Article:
The White House sought to emphasise the significance of the new exports package that was assembled ahead of the state visit, saying that China had agreed to purchases American goods made in 12 different US states. It also sealed deals to buy 200 Boeing aircraft and open a joint venture to develop and build hybrid buses for China.
Protocol chiefs at the White House were straining to avoid potential gaffes. There were red faces in 2006, the last time Mr Hu was in the US capital, when an announcer identified the Chinese national anthem as belonging instead to Taiwan, a country that Beijing still considers part of its territory. There was embarrassment on the same occasion when Mr Hu was loudly heckled at the White House by a protester.
It wasn't clear whether the Chinese leader was aware of roughly 200 Free Tibet protesters gathered from the early hours yesterday and noisily chanting their objections to his presence on American soil from a small park just across from the White House.
The key issues
Currency and trade
If the only bone of economic contention between the US and China was Beijing's effort to hold its currency artificially low, then the latest summit would proceed along usual lines. China is holding down the yuan in order to make its exports more competitive on the world stage and turbo-charge the country's industrialisation.
The US says that is unfair, but knows it has more to lose from trying to punish China. Recently, though, the currency issue has been joined by a series of other skirmishes. An increasing number of trade disputes are before the World Trade Organisation, the US is concerned about what it calls state subsidies of Chinese industry, and Beijing recently slashed exports of so-called "rare earth minerals" used in the tech industry, causing a leap in prices.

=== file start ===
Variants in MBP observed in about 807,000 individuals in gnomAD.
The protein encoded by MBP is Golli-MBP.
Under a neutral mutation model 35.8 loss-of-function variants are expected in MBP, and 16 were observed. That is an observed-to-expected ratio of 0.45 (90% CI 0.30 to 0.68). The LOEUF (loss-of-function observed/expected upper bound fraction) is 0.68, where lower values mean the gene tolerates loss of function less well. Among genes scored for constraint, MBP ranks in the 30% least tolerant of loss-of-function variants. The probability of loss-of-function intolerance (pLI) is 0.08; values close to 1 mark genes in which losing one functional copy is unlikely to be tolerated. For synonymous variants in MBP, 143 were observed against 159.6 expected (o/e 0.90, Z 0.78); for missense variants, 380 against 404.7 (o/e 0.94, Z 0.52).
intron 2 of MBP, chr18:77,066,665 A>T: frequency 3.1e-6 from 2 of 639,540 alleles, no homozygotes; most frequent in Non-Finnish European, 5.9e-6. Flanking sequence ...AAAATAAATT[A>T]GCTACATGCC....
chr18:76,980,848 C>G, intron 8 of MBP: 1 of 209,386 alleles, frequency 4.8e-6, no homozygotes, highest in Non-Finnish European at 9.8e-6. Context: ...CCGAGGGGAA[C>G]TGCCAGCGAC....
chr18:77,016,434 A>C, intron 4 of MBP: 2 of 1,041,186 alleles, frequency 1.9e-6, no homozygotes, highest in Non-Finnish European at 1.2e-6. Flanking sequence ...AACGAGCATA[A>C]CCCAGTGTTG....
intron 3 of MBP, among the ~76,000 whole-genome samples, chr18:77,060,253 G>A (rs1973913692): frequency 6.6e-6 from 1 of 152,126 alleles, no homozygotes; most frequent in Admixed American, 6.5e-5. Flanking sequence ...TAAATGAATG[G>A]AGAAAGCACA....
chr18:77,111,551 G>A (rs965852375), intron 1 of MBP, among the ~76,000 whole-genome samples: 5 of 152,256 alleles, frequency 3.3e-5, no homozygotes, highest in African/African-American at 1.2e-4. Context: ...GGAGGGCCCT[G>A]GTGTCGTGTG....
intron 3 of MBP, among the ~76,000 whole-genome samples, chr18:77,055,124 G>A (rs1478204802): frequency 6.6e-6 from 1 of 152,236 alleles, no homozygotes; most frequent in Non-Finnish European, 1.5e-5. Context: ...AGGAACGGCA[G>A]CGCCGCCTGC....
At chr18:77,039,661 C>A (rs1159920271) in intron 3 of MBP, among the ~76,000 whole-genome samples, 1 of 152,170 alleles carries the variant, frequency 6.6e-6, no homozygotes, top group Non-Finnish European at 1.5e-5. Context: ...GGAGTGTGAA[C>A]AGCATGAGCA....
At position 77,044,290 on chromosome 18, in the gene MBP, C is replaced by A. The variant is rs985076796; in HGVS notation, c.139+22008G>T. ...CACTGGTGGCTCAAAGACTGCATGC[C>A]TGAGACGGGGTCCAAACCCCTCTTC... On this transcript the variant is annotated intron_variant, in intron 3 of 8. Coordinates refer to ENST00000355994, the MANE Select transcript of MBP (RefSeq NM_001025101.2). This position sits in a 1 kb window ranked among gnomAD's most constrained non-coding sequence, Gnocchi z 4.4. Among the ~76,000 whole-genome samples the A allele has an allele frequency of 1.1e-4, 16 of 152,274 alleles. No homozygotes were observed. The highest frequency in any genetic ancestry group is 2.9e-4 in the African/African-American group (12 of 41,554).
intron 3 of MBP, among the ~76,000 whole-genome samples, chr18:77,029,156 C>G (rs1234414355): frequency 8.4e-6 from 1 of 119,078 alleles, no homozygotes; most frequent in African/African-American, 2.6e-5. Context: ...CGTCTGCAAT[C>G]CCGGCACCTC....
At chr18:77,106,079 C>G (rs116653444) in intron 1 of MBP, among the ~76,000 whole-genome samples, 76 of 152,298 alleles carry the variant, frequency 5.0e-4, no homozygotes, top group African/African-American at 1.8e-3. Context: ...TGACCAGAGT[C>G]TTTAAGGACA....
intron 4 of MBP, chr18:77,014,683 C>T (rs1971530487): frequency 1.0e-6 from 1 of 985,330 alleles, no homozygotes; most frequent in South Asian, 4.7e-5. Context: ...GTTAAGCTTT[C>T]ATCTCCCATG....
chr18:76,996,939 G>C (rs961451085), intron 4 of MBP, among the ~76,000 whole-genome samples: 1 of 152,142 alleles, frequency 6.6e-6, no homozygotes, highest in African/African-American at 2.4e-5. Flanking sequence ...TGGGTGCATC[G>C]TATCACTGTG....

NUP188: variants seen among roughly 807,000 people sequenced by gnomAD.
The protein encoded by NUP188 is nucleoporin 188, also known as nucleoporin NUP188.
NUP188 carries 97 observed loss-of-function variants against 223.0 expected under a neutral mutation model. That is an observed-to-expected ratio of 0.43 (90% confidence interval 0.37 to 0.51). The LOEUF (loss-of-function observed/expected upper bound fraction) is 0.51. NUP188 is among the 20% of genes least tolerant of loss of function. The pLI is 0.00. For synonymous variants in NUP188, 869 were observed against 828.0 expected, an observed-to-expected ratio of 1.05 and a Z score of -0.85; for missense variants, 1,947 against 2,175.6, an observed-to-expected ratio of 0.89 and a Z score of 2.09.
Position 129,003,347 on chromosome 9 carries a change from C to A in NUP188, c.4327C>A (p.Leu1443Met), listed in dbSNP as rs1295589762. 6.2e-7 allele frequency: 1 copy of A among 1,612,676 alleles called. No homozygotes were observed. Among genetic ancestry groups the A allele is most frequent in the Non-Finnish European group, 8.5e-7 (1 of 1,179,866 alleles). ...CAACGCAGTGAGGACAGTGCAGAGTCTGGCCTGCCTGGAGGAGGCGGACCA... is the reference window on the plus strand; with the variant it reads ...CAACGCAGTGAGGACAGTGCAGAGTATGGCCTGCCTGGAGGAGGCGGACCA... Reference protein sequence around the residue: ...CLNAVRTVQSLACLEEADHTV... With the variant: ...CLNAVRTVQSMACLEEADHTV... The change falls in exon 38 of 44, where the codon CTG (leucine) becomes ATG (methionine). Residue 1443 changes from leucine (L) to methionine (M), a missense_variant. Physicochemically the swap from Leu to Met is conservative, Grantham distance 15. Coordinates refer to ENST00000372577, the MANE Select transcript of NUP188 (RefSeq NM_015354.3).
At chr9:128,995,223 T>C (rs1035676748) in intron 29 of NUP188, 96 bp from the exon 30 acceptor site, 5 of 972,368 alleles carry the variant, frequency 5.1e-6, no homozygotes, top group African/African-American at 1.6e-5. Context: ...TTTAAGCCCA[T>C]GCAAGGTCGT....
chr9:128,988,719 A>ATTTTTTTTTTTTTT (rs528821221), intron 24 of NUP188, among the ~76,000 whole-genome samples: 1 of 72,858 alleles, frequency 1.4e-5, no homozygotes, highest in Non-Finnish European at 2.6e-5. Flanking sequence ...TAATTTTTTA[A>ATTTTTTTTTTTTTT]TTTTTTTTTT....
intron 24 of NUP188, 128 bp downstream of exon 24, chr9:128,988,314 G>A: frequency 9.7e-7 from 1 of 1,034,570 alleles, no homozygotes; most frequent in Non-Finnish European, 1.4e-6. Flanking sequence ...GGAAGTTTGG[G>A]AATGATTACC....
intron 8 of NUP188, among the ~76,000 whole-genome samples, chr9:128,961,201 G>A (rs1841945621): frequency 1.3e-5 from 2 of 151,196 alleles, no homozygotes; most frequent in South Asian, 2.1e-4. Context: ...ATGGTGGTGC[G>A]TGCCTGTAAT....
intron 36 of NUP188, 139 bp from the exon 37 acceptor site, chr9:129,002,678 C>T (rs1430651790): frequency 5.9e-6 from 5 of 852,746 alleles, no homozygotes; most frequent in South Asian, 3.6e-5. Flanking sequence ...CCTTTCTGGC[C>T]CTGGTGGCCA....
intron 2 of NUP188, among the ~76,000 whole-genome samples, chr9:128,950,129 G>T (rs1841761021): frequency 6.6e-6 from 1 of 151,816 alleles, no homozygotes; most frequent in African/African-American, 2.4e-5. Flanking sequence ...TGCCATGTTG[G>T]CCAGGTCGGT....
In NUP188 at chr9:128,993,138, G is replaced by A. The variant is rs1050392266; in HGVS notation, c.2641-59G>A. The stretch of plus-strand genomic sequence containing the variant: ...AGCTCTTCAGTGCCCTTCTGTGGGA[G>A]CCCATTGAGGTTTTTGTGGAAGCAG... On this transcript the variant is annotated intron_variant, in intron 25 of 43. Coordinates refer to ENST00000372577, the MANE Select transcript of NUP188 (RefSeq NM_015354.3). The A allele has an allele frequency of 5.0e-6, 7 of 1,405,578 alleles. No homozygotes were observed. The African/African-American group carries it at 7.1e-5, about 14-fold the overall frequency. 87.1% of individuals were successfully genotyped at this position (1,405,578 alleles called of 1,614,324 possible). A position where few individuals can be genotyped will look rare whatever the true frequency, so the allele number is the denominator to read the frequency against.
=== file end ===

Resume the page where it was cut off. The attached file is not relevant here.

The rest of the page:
Alarm bells were set off in Washington earlier this month when China began test flights of a new stealth fighter jet, dubbed the J-20, during a rare visit to the country by the US Defence Secretary Robert Gates.
Some saw the timing of the tests as provocative and warned of a new arms race between the US and China. At a press conference in Washington, the chairman of the US Joint Chiefs of Staff, Admiral Mike Mullen, said the US had known about the J-20 and reiterated that China was within its rights to develop new, hi-tech weaponry. He added, however, that Pentagon analysis suggested that much of China's new hardware seemed to be coming on stream with the US in mind.
Hillary Clinton made clear yesterday that while there may be differences with China on issues like human rights, they should not get in the way of more coherence on confronting international threats. The US continues to express frustration over China's reluctance to apply more pressure on North Korea over its nuclear ambitions and its recent provocations of South Korea. That includes respecting UN sanctions on Pyongyang.
The US similarly wants China to demonstrate that it is implementing the trade sanctions on Iran that it supported last year in the UN Security Council to counter the nuclear threat from that country. Ms Clinton said publicly this week that some Chinese entities are flouting them. DU
China holds the whip hand in this relationship
David UsborneReuse content